He has taken over 100 jury trials to verdict, most of which were serious felonies, including 11 homicides, 10 attempted homicides, 16 gang crimes, 17 robberies and nine sex crimes. He is also experienced in juvenile law, domestic violence, sex crime defense as well as drug and theft cases.

As a senior deputy district attorney for over 20 years he has thorough knowledge of the inner workings of the District Attorney’s Office. That experience gives him insight and what it takes to take their cases apart.

The cases he takes run the full gamut from people accused of the above listed crimes down to simple misdemeanors, or DUI’s.

He also has experience in veteran’s treatment court representation, he is death penalty qualified and is currently on the special circumstances/death penalty panel of attorneys are appointed to the most serious murder cases by the Stanislaus County Superior Court, and has been the primary attorney in six death penalty cases to date.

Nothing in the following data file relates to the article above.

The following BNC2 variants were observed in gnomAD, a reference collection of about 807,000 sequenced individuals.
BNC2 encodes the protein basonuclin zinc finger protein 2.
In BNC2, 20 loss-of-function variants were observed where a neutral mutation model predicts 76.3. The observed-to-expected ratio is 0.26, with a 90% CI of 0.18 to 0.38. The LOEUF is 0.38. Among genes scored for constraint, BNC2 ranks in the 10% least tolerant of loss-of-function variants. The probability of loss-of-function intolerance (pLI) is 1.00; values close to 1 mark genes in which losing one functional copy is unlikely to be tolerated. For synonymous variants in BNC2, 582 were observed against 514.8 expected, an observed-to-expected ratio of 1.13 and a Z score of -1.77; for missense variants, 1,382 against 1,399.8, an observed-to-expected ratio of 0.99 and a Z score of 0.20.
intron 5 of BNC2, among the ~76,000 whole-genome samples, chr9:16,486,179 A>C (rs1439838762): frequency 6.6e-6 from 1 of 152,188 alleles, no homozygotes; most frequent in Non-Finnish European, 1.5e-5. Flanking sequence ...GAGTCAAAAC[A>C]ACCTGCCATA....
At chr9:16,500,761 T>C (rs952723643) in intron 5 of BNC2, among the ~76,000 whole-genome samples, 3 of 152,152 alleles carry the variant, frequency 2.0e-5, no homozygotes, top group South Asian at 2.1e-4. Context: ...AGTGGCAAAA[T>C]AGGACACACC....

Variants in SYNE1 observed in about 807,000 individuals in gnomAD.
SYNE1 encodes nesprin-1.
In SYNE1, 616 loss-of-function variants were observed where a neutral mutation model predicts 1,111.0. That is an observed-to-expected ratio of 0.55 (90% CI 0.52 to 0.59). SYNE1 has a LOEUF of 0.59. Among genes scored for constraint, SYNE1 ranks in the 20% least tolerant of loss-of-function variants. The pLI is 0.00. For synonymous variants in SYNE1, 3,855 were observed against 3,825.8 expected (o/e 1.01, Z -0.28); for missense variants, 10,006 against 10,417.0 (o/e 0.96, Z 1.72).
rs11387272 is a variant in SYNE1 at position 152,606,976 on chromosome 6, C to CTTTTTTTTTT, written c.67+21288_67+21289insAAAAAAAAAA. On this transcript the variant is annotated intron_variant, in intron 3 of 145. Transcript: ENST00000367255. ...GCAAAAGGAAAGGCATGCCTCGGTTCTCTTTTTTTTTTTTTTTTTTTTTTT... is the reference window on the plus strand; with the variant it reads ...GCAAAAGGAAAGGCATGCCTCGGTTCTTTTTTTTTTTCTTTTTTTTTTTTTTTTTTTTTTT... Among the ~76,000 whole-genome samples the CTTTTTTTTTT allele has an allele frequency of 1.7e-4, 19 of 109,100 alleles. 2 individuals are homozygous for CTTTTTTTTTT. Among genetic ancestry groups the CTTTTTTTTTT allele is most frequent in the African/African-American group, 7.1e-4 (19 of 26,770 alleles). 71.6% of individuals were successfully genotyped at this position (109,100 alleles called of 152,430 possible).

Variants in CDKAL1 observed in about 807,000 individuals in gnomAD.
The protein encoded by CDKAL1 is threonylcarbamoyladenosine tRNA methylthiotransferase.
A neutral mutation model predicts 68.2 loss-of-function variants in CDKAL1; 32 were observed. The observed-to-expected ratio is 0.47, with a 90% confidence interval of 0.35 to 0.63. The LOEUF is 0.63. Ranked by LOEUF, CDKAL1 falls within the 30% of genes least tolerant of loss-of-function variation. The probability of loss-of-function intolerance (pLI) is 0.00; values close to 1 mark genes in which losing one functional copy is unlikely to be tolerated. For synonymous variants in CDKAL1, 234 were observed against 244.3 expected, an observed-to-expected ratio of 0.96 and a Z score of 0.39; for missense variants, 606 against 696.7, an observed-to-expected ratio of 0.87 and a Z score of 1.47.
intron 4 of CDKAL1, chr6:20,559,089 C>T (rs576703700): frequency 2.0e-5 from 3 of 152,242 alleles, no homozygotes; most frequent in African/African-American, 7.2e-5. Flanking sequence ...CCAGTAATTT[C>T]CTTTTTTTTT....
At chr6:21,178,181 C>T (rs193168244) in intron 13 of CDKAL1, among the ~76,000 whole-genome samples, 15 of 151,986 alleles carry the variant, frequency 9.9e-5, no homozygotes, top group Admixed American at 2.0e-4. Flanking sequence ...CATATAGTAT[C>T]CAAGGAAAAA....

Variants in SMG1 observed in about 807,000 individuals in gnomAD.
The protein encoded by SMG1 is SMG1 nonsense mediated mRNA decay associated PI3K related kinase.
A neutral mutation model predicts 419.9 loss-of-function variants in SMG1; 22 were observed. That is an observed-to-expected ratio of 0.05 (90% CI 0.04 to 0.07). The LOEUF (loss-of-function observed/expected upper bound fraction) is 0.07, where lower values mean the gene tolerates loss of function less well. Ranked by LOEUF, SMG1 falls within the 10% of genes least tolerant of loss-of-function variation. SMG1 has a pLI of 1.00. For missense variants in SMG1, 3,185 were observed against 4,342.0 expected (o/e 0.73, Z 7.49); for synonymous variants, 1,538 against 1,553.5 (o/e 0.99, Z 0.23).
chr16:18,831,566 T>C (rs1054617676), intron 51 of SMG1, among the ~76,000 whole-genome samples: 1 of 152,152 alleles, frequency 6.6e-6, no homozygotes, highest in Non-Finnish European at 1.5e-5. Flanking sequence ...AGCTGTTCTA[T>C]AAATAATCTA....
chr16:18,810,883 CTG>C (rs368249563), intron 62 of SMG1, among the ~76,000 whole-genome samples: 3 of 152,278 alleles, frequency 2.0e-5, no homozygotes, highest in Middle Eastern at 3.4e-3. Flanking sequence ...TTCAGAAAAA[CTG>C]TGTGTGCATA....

Obviously more than qualified to help you out, but on a personal note I got to sit down and talk to Mr. Maner and I was impressed with the confidence that he exudes, and you can tell there’s a bulldog attitude behind that to get things done. And his insight to the District Attorney’s Office could be very valuable.

If you need help he is someone I think is more than qualified and who could help you take care of your situation.



Got a Rolex the other day from a couple lesbians I know

. Guess they misunderstood me when I told them

“I wanna watch.”

Enjoy your Saturday my friends.







A looser interpretation of Proposition 57 could allow earlier parole for